The authors report no relevant disclosures.

Christine Sickles, DO, is a dermatology resident at Lewis Gale Hospital Montgomery/VCOM, Blacksburg, VA; Alexis Buffington, BS, is a medical student at Western University of Health Sciences in Pomona, CA; Aleksandra Brown, DO, is a dermatologist at River Ridge Dermatology in Blacksburg, VA; Gary Gross, MD, is the Dermatology Residency Program Director at Lewis Gale Hospital Salem in VA.

1. Lookingbill DP, et al. Cutaneous Metastases in Patients with Metastatic Carcinoma: A Retrospective Study of 4020 Patients. Journal of the American Academy of Dermatology. 1993:29(2):228–236.

2. Mentrikoski M, Wick M. Immunohistochemical Distinction of Primary Sweat Gland Carcinoma and Metastatic Breast Carcinoma Can It Always Be Accomplished Reliably? American Journal of Clinical Pathology. 2015 March;143(3):430-436.

3. Steinhoff N, Maloney G, Miller R. Metastatic Melanoma Arising 10 Years after Treatment of Primary Lesion: A Unique Case Representative of SOX-10’s Efficacy in Identifying Melanomas of Metastatic Origin. J Am Acad Dermatol. 2016 May;74(5):AB185.

4. Reingold, I. M., MD. Cutaneous metastases from internal carcinoma. Cancer. 1966 Feb;19(2):162-168.

5. Schulman J, Pauli M, Neuhaus I, et al. The distribution of cutaneous metastases correlates with local immunologic milieu. The Journal of the American Academy of Dermatology. 2016 March;47(3)470-476.

6. Roybal L, MacKenzie, K, Warschaw K. A Case of Cutaneous Metastatic Renal Cell Carcinoma to the Scalp. Journal of the American Osteopathic College of Dermatology. 2017;38:22-23.

7. Vano-Galva,S, Moreno-Martin, P, Salguero, I, Jaen, P. Cutaneous metastases of breast carcinoma: a case report. Cases Journal. 2009;2(71)1-2.

8. Rollins-Raval, M, Chivukula, M, Tseng, et al. An Immunohistochemical Panel to Differentiate Metastatic Breast Carcinoma to Skin From Primary Sweat Gland Carcinomas With a Review of the Literature. Archives of Pathology & Laboratory Medicine. 2011;135(8):975-983.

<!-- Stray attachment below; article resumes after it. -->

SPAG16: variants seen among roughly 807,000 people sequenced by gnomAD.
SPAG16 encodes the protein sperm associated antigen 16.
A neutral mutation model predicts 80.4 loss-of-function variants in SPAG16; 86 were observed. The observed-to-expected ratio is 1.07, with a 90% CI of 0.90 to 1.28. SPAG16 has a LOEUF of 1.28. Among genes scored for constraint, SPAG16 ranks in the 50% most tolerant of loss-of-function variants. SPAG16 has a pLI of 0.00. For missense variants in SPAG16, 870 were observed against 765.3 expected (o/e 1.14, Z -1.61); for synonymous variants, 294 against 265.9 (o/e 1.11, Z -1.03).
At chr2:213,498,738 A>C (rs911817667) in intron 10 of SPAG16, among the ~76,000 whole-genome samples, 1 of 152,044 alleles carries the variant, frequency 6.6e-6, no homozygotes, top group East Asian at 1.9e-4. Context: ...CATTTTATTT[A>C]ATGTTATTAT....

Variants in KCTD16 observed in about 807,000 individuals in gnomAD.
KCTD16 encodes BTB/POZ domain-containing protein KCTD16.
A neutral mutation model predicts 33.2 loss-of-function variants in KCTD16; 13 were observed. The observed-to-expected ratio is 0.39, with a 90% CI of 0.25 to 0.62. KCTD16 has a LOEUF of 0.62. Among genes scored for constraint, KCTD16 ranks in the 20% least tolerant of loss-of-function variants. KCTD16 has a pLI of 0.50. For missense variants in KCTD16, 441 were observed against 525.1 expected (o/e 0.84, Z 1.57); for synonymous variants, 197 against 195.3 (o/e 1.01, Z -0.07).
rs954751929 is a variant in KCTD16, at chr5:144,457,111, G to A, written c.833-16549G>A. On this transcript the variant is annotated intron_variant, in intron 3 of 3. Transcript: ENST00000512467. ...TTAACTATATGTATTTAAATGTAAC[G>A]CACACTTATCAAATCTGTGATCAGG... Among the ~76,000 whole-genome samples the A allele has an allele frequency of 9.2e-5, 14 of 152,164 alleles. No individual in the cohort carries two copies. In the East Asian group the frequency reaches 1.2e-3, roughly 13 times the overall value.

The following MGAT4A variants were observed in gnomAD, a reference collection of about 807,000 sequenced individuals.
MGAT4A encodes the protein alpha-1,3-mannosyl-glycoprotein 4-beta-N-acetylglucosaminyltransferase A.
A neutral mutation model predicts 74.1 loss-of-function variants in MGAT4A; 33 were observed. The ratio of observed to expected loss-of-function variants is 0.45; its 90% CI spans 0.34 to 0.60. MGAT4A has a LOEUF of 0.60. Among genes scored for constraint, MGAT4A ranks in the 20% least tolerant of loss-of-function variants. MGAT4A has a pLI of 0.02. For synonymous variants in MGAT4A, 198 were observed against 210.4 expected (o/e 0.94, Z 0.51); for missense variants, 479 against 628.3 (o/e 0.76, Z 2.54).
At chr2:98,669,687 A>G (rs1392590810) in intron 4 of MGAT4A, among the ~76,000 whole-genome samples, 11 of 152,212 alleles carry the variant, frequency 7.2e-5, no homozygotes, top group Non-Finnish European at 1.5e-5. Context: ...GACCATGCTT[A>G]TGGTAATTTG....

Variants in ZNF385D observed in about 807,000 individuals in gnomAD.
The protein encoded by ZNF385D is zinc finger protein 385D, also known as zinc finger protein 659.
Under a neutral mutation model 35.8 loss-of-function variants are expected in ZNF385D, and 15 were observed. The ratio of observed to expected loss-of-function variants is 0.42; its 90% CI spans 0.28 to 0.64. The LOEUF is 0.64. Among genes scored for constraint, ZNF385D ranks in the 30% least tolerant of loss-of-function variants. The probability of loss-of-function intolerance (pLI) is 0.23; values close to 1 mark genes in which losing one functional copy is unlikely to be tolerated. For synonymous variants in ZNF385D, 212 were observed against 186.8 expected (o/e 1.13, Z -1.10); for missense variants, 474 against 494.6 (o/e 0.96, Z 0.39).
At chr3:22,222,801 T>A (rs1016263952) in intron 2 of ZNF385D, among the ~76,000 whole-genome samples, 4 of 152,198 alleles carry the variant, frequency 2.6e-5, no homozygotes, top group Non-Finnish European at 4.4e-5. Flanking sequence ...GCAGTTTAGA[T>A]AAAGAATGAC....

9. Thomas J, Flanagan S, Rosen L, et al. Cutaneous Metastatic Breast Carcinoma: Case Report and Review of the Literature. Journal of the American Osteopathic College of Dermatology. 2011;19(1):24-26.

10. Hafez N, HebatAllah S. Can GATA3 Immunocytochemistry be Utilized as a Reliable Diagnostic Marker for Metastatic Breast Carcinoma in Cytological Materials? A Comparative Study with Mammaglobin and GCDFP-15 Expression. Turkisk J of Pathology. 25 October 2017.

11. Tran T, et al. Rapid local metastasis associated with primary eccrine carcinoma of the scalp treated with Mohs micrographic surgery. J A Academy of Dermatology. 2016 May;74(5):AB203.

12. Schweitzer J, Vermeesch J, Zaleski T, et al. Primary cutaneous apocrine carcinoma: 2 cases and review of the pertinent histologic findings. JAAD Case reports. 2016 September;2(5)411-414.

13. Zaleski TA, Maghari A, MD, Lambert WC. Apocrine Carcinoma of the Skin Overlying the Temple: A Case Report and Review of the Literature. Journal of the American Osteopathic College of Dermatology. 2011;21(1):32-33.

14. Fernandez-Flores, A. The elusive differential diagnosis of cutaneous apocrine adenocarcinoma vs. metastasis: The current role of clinical correlation. Acta Dermatoven APA. 2009;18(3):141-142.